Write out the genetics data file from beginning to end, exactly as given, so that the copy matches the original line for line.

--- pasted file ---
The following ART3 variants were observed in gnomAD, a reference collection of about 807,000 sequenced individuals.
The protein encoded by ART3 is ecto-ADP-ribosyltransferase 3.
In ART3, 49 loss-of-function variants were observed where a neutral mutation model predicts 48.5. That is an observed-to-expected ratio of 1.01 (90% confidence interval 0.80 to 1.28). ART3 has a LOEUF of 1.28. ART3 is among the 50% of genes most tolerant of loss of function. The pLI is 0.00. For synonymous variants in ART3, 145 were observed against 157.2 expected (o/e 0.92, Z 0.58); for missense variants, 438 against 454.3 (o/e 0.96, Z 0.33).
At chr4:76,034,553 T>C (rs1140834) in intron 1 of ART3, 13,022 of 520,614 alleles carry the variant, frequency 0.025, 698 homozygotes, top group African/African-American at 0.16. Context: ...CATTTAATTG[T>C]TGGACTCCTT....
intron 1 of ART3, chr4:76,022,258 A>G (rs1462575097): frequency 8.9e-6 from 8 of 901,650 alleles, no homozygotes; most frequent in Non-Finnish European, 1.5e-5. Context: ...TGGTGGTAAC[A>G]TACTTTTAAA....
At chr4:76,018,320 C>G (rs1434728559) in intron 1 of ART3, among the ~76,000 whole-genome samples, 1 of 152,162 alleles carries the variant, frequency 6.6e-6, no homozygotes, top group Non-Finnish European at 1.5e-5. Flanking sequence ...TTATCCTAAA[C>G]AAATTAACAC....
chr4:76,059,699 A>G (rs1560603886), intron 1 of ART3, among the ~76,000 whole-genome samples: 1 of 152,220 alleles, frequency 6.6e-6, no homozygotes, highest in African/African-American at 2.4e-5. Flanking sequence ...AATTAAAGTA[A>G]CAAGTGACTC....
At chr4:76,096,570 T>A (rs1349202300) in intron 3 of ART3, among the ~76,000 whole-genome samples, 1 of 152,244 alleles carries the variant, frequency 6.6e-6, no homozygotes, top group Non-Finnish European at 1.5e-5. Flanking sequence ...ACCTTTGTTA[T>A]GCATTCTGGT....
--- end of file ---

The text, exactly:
The following ART3 variants were observed in gnomAD, a reference collection of about 807,000 sequenced individuals.
The protein encoded by ART3 is ecto-ADP-ribosyltransferase 3.
In ART3, 49 loss-of-function variants were observed where a neutral mutation model predicts 48.5. That is an observed-to-expected ratio of 1.01 (90% confidence interval 0.80 to 1.28). ART3 has a LOEUF of 1.28. ART3 is among the 50% of genes most tolerant of loss of function. The pLI is 0.00. For synonymous variants in ART3, 145 were observed against 157.2 expected (o/e 0.92, Z 0.58); for missense variants, 438 against 454.3 (o/e 0.96, Z 0.33).
At chr4:76,034,553 T>C (rs1140834) in intron 1 of ART3, 13,022 of 520,614 alleles carry the variant, frequency 0.025, 698 homozygotes, top group African/African-American at 0.16. Context: ...CATTTAATTG[T>C]TGGACTCCTT....
intron 1 of ART3, chr4:76,022,258 A>G (rs1462575097): frequency 8.9e-6 from 8 of 901,650 alleles, no homozygotes; most frequent in Non-Finnish European, 1.5e-5. Context: ...TGGTGGTAAC[A>G]TACTTTTAAA....
At chr4:76,018,320 C>G (rs1434728559) in intron 1 of ART3, among the ~76,000 whole-genome samples, 1 of 152,162 alleles carries the variant, frequency 6.6e-6, no homozygotes, top group Non-Finnish European at 1.5e-5. Flanking sequence ...TTATCCTAAA[C>G]AAATTAACAC....
chr4:76,059,699 A>G (rs1560603886), intron 1 of ART3, among the ~76,000 whole-genome samples: 1 of 152,220 alleles, frequency 6.6e-6, no homozygotes, highest in African/African-American at 2.4e-5. Flanking sequence ...AATTAAAGTA[A>G]CAAGTGACTC....
At chr4:76,096,570 T>A (rs1349202300) in intron 3 of ART3, among the ~76,000 whole-genome samples, 1 of 152,244 alleles carries the variant, frequency 6.6e-6, no homozygotes, top group Non-Finnish European at 1.5e-5. Flanking sequence ...ACCTTTGTTA[T>A]GCATTCTGGT....